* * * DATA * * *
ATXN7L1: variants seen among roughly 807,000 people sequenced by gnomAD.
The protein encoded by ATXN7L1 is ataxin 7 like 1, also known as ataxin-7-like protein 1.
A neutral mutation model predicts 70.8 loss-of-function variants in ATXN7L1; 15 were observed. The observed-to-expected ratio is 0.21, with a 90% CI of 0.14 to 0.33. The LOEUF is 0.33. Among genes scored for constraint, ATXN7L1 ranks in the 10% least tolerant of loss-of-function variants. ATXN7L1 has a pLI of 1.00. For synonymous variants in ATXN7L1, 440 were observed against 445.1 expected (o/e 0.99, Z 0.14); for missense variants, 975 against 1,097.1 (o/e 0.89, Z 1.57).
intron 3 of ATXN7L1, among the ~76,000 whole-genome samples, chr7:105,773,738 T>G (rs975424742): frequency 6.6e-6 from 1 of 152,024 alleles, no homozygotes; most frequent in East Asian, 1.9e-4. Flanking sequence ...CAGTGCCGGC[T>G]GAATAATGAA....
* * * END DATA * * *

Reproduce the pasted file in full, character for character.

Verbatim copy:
ATXN7L1: variants seen among roughly 807,000 people sequenced by gnomAD.
The protein encoded by ATXN7L1 is ataxin 7 like 1, also known as ataxin-7-like protein 1.
A neutral mutation model predicts 70.8 loss-of-function variants in ATXN7L1; 15 were observed. The observed-to-expected ratio is 0.21, with a 90% CI of 0.14 to 0.33. The LOEUF is 0.33. Among genes scored for constraint, ATXN7L1 ranks in the 10% least tolerant of loss-of-function variants. ATXN7L1 has a pLI of 1.00. For synonymous variants in ATXN7L1, 440 were observed against 445.1 expected (o/e 0.99, Z 0.14); for missense variants, 975 against 1,097.1 (o/e 0.89, Z 1.57).
intron 3 of ATXN7L1, among the ~76,000 whole-genome samples, chr7:105,773,738 T>G (rs975424742): frequency 6.6e-6 from 1 of 152,024 alleles, no homozygotes; most frequent in East Asian, 1.9e-4. Flanking sequence ...CAGTGCCGGC[T>G]GAATAATGAA....